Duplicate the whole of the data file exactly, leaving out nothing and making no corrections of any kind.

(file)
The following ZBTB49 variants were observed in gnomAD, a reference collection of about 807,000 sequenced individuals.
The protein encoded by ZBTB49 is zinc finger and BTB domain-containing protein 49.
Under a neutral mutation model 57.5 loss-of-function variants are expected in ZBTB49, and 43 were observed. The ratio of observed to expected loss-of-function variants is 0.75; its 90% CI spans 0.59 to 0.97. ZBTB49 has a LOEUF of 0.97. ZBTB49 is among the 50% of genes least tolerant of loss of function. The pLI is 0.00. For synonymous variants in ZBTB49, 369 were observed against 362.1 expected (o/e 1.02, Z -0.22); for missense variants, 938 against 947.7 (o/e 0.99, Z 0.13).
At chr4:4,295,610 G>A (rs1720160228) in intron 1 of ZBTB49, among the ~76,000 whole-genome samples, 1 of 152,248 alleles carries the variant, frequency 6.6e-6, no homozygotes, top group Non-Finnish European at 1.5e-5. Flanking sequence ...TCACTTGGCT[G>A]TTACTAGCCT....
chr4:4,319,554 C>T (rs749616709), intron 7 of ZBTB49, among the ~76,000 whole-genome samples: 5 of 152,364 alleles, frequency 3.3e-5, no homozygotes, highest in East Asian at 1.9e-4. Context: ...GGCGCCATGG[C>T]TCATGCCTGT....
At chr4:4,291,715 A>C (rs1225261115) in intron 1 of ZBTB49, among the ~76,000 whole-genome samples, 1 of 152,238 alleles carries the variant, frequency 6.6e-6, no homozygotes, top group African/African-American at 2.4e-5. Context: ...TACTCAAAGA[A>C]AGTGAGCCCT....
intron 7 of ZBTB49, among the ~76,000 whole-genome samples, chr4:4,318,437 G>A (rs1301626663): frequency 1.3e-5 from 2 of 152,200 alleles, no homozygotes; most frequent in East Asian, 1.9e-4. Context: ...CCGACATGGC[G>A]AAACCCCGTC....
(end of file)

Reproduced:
The following ZBTB49 variants were observed in gnomAD, a reference collection of about 807,000 sequenced individuals.
The protein encoded by ZBTB49 is zinc finger and BTB domain-containing protein 49.
Under a neutral mutation model 57.5 loss-of-function variants are expected in ZBTB49, and 43 were observed. The ratio of observed to expected loss-of-function variants is 0.75; its 90% CI spans 0.59 to 0.97. ZBTB49 has a LOEUF of 0.97. ZBTB49 is among the 50% of genes least tolerant of loss of function. The pLI is 0.00. For synonymous variants in ZBTB49, 369 were observed against 362.1 expected (o/e 1.02, Z -0.22); for missense variants, 938 against 947.7 (o/e 0.99, Z 0.13).
At chr4:4,295,610 G>A (rs1720160228) in intron 1 of ZBTB49, among the ~76,000 whole-genome samples, 1 of 152,248 alleles carries the variant, frequency 6.6e-6, no homozygotes, top group Non-Finnish European at 1.5e-5. Flanking sequence ...TCACTTGGCT[G>A]TTACTAGCCT....
chr4:4,319,554 C>T (rs749616709), intron 7 of ZBTB49, among the ~76,000 whole-genome samples: 5 of 152,364 alleles, frequency 3.3e-5, no homozygotes, highest in East Asian at 1.9e-4. Context: ...GGCGCCATGG[C>T]TCATGCCTGT....
At chr4:4,291,715 A>C (rs1225261115) in intron 1 of ZBTB49, among the ~76,000 whole-genome samples, 1 of 152,238 alleles carries the variant, frequency 6.6e-6, no homozygotes, top group African/African-American at 2.4e-5. Context: ...TACTCAAAGA[A>C]AGTGAGCCCT....
intron 7 of ZBTB49, among the ~76,000 whole-genome samples, chr4:4,318,437 G>A (rs1301626663): frequency 1.3e-5 from 2 of 152,200 alleles, no homozygotes; most frequent in East Asian, 1.9e-4. Context: ...CCGACATGGC[G>A]AAACCCCGTC....